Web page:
I’ll be heading back next week. Wedding festivities have been fun and spoiled me for all things food and alcohol related – I just need to stay hydrated and stick to veggies for a while and I’ll be ok.
Coming back means a return to routine. Before I left for home, we got the last of the interior work done on the house, which means I won’t be a prisoner to the contractors’ schedules. I can come and go as I please. Bike rides to coffee shops and the library are in my immediate future. Bliss!
I’ll also be returning to my writing groups, or should I say group… My Monday night group that’s centered around prompts is still going strong. The critique-focused group, however, has kinda imploded.
First indication that something wasn’t right: one member stopped coming without a word. Secondly, the founder left town to address some personal issues (outlook not so good for her return). Then, when I and the two remaining members were going to meet and figure out how to carry on and recruit new members, we had to cancel last minute because one member was ramping up for her first year as a teacher. We’re tentatively scheduled to meet next week after almost two months of down time, and I’m not sure what will happen.
I realize writing isn’t easy. I realize that groups, while encouraging, can also stress people out and place pressure on them to produce work on a regular basis, which can be frustrating when inspiration strikes irregularly. And don’t even get me started on the critique aspect. There are always those who take take take and never offer reciprocal feedback. Always with a well-meaning excuse, mind you.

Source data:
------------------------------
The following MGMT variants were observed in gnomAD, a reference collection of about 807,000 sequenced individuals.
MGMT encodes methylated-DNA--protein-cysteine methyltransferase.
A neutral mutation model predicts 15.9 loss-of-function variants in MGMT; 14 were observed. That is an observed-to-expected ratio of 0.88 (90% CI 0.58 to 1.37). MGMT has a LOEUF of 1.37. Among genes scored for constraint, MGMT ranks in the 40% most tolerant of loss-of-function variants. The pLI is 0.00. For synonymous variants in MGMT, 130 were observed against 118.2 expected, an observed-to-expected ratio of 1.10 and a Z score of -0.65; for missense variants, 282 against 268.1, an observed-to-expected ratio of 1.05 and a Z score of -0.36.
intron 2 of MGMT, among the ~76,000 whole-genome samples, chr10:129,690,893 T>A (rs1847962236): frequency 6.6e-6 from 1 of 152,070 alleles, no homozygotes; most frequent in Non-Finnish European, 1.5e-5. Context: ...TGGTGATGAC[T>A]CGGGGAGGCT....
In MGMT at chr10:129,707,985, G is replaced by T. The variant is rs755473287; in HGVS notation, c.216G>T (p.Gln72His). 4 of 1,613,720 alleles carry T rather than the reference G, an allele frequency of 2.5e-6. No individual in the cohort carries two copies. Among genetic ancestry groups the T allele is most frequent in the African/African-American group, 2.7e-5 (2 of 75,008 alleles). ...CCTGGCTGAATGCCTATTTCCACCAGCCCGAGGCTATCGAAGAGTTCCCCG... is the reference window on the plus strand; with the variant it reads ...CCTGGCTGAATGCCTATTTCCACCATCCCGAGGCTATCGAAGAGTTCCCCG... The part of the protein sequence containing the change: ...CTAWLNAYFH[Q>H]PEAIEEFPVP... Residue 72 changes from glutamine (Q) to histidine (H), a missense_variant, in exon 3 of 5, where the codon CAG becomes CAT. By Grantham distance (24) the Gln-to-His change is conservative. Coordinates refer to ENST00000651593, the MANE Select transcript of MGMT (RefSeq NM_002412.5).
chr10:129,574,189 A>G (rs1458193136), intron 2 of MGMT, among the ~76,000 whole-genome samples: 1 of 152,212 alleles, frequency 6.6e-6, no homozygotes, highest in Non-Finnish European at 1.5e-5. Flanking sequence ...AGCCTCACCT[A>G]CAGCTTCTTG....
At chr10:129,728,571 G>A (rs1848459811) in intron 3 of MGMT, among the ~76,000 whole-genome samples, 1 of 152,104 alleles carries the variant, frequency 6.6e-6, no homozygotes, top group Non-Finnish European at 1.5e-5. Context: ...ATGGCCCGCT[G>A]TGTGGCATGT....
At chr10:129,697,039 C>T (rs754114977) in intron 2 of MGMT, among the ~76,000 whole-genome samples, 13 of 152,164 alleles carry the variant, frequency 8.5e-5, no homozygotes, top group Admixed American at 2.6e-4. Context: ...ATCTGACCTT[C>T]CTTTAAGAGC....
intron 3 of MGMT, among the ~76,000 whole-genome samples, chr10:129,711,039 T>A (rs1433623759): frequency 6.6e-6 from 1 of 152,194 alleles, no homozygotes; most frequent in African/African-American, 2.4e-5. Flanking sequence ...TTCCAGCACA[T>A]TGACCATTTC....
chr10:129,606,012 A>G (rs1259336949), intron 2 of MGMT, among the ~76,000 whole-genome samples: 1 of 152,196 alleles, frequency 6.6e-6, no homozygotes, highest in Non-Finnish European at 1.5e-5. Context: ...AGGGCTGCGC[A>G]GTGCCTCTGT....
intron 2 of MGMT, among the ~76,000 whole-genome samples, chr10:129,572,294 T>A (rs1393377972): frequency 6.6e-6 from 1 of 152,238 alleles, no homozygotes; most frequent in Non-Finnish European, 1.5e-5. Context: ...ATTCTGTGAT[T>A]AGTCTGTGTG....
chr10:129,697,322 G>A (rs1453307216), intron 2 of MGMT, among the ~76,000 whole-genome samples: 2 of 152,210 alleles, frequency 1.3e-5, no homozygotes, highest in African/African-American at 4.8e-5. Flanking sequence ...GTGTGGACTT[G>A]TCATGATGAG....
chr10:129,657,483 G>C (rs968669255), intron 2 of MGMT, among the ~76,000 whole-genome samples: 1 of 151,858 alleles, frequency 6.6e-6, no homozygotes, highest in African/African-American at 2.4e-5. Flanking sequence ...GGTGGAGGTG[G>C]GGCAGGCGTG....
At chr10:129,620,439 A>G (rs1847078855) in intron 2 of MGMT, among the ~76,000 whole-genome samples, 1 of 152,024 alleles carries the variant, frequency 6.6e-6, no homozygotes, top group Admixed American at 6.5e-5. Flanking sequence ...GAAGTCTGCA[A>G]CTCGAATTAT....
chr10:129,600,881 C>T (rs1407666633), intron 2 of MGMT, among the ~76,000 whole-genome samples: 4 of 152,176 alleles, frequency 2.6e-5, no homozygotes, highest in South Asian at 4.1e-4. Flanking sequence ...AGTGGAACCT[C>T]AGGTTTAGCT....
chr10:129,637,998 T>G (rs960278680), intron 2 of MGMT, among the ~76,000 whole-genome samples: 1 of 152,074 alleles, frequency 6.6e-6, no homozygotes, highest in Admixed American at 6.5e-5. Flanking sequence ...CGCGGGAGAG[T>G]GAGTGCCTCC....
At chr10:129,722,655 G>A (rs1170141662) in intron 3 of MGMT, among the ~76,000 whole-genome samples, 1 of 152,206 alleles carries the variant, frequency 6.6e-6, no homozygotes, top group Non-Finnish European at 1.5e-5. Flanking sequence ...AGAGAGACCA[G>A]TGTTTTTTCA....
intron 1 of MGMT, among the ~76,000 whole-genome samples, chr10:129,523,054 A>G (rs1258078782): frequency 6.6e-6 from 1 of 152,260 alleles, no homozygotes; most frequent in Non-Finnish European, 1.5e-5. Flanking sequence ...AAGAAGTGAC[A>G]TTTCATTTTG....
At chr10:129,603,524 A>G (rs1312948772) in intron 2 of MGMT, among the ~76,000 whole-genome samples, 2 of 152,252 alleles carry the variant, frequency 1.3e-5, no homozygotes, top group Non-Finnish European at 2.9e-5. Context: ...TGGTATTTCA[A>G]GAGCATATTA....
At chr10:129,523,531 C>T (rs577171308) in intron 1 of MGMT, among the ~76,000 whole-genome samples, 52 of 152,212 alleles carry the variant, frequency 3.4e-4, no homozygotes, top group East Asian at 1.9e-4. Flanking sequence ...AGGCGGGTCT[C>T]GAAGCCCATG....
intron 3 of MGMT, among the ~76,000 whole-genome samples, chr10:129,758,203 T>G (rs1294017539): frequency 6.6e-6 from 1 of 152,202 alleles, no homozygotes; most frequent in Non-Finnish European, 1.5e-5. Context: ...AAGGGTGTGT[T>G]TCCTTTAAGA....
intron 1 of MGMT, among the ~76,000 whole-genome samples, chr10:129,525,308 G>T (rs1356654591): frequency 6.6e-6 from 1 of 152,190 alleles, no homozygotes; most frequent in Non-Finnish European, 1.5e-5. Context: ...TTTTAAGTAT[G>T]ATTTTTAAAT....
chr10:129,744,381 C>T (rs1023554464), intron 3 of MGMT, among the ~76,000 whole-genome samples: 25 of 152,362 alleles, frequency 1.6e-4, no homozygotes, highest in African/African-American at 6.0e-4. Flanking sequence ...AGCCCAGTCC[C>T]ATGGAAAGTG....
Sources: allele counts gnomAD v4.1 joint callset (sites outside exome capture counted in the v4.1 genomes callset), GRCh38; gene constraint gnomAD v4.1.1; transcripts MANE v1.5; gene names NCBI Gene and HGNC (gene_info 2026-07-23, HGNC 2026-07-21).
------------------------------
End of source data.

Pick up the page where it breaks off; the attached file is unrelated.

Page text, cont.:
I also wonder if my standards for myself are unforgiving for others to meet. After all, I’m not working right now and don’t have to worry about the stress of a 9 to 5 (or longer) job and then writing on top of that. Nor do I have children, who are another time suck. No, it’s just me, my writing, and my understanding husband who knows I’m not happy only keeping house. Therefore I have the time to read and review every submission from the group. But I do wonder why some of the members joined up if they couldn’t commit fully…
People have talked before about the difficulties of finding good critique partners, and I think I’m dealing with these growing pains right now. Sharing your writing is important and necessary. See The Importance of a Critique Group from All Kinds of Writing if you need convincing. But some criticism is better than others — A breadth of critique from TalkToYoUniverse provides a nice description of the different types of readers and how you should interpret their criticisms.
What I liked about our critique group was the wide variety of styles and genres the members brought to the table. This range of perspectives was wonderful as I’m still bouncing around a bit in terms of which writing styles I’m focused on. In other words, which ones I’m better at. So if I do meet up with the remaining members, and we do decide to keep going and recruit more folks, we will want to preserve that variety. Searching for a Critique Group provides a nice checklist of questions we’ll aslo need to keep in mind as we try to grow our group.
If we can’t get dedicated people, I’ll have to explore other ways to find like-minded writers – probably have to break down and join the RWA. I’ve been hesitant to do this, which is something I’ll have to talk about in another post.
Anyone else going through this right now? What strategies have you used?